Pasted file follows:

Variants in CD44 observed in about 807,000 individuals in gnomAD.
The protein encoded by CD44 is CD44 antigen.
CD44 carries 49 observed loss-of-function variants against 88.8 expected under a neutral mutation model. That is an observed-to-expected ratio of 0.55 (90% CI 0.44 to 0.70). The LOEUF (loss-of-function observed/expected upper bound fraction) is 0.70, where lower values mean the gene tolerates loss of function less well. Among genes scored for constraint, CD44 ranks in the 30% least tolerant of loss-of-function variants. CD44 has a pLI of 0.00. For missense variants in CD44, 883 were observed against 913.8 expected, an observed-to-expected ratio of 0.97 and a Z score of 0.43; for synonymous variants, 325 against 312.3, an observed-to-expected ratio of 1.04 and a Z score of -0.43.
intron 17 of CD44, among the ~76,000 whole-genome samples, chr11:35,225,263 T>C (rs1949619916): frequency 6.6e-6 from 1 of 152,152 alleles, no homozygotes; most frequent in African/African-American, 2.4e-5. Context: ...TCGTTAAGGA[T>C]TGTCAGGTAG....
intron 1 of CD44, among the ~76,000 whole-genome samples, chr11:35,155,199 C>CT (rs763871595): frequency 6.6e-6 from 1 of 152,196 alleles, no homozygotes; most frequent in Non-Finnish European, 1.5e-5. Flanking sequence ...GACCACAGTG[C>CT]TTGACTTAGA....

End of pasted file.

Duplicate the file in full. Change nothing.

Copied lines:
Variants in CD44 observed in about 807,000 individuals in gnomAD.
The protein encoded by CD44 is CD44 antigen.
CD44 carries 49 observed loss-of-function variants against 88.8 expected under a neutral mutation model. That is an observed-to-expected ratio of 0.55 (90% CI 0.44 to 0.70). The LOEUF (loss-of-function observed/expected upper bound fraction) is 0.70, where lower values mean the gene tolerates loss of function less well. Among genes scored for constraint, CD44 ranks in the 30% least tolerant of loss-of-function variants. CD44 has a pLI of 0.00. For missense variants in CD44, 883 were observed against 913.8 expected, an observed-to-expected ratio of 0.97 and a Z score of 0.43; for synonymous variants, 325 against 312.3, an observed-to-expected ratio of 1.04 and a Z score of -0.43.
intron 17 of CD44, among the ~76,000 whole-genome samples, chr11:35,225,263 T>C (rs1949619916): frequency 6.6e-6 from 1 of 152,152 alleles, no homozygotes; most frequent in African/African-American, 2.4e-5. Context: ...TCGTTAAGGA[T>C]TGTCAGGTAG....
intron 1 of CD44, among the ~76,000 whole-genome samples, chr11:35,155,199 C>CT (rs763871595): frequency 6.6e-6 from 1 of 152,196 alleles, no homozygotes; most frequent in Non-Finnish European, 1.5e-5. Flanking sequence ...GACCACAGTG[C>CT]TTGACTTAGA....